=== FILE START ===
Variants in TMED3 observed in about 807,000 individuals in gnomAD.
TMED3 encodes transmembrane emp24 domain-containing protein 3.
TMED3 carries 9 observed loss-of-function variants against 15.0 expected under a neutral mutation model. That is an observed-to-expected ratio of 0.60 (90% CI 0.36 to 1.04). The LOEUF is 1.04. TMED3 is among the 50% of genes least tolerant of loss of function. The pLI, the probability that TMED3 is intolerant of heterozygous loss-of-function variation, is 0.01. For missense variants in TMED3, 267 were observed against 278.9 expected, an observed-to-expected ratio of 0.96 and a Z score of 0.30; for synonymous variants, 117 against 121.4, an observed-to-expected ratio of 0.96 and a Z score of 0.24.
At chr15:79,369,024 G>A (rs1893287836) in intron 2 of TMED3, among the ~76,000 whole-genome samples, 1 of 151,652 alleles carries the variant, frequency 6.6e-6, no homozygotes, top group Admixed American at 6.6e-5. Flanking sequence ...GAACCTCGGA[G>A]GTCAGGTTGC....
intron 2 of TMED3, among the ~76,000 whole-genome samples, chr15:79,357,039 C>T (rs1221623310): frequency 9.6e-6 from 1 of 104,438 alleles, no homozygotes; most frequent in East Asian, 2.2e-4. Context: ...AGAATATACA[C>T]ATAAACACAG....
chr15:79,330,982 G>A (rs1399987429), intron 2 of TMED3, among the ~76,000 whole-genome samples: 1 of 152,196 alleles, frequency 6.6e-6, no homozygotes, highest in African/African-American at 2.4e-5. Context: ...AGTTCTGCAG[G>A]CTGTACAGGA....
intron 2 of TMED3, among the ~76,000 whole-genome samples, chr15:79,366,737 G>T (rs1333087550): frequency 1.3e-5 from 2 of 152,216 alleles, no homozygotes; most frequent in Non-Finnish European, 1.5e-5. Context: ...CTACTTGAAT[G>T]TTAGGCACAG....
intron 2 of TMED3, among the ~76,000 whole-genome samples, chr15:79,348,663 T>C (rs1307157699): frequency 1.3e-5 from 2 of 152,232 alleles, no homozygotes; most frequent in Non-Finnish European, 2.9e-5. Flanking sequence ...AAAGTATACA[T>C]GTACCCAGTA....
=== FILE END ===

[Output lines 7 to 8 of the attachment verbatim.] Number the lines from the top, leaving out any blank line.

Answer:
intron 2 of TMED3, among the ~76,000 whole-genome samples, chr15:79,366,737 G>T (rs1333087550): frequency 1.3e-5 from 2 of 152,216 alleles, no homozygotes; most frequent in Non-Finnish European, 1.5e-5. Context: ...CTACTTGAAT[G>T]TTAGGCACAG....
intron 2 of TMED3, among the ~76,000 whole-genome samples, chr15:79,348,663 T>C (rs1307157699): frequency 1.3e-5 from 2 of 152,232 alleles, no homozygotes; most frequent in Non-Finnish European, 2.9e-5. Flanking sequence ...AAAGTATACA[T>C]GTACCCAGTA....